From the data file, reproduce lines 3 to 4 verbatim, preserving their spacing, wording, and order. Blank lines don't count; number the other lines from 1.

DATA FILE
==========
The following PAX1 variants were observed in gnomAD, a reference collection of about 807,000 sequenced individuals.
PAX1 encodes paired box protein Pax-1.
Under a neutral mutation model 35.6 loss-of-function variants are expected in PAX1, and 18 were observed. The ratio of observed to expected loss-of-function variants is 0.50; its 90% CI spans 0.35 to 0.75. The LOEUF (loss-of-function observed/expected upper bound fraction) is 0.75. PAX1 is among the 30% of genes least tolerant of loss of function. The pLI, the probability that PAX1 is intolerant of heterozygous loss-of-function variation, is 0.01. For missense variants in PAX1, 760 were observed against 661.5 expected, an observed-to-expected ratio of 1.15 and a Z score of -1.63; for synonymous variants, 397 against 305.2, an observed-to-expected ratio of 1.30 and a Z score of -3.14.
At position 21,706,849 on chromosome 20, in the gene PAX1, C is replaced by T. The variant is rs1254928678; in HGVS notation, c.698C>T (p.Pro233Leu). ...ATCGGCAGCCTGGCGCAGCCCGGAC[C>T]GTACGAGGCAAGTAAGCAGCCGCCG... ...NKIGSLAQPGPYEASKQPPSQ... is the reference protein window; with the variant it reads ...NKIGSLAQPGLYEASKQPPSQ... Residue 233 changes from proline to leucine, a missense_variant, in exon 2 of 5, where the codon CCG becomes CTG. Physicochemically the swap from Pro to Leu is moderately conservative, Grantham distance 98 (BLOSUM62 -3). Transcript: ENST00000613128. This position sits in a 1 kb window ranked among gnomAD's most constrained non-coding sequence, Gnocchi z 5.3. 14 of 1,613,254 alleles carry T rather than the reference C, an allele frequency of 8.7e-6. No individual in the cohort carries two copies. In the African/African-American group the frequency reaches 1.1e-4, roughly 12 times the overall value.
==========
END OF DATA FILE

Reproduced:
Under a neutral mutation model 35.6 loss-of-function variants are expected in PAX1, and 18 were observed. The ratio of observed to expected loss-of-function variants is 0.50; its 90% CI spans 0.35 to 0.75. The LOEUF (loss-of-function observed/expected upper bound fraction) is 0.75. PAX1 is among the 30% of genes least tolerant of loss of function. The pLI, the probability that PAX1 is intolerant of heterozygous loss-of-function variation, is 0.01. For missense variants in PAX1, 760 were observed against 661.5 expected, an observed-to-expected ratio of 1.15 and a Z score of -1.63; for synonymous variants, 397 against 305.2, an observed-to-expected ratio of 1.30 and a Z score of -3.14.
At position 21,706,849 on chromosome 20, in the gene PAX1, C is replaced by T. The variant is rs1254928678; in HGVS notation, c.698C>T (p.Pro233Leu). ...ATCGGCAGCCTGGCGCAGCCCGGAC[C>T]GTACGAGGCAAGTAAGCAGCCGCCG... ...NKIGSLAQPGPYEASKQPPSQ... is the reference protein window; with the variant it reads ...NKIGSLAQPGLYEASKQPPSQ... Residue 233 changes from proline to leucine, a missense_variant, in exon 2 of 5, where the codon CCG becomes CTG. Physicochemically the swap from Pro to Leu is moderately conservative, Grantham distance 98 (BLOSUM62 -3). Transcript: ENST00000613128. This position sits in a 1 kb window ranked among gnomAD's most constrained non-coding sequence, Gnocchi z 5.3. 14 of 1,613,254 alleles carry T rather than the reference C, an allele frequency of 8.7e-6. No individual in the cohort carries two copies. In the African/African-American group the frequency reaches 1.1e-4, roughly 12 times the overall value.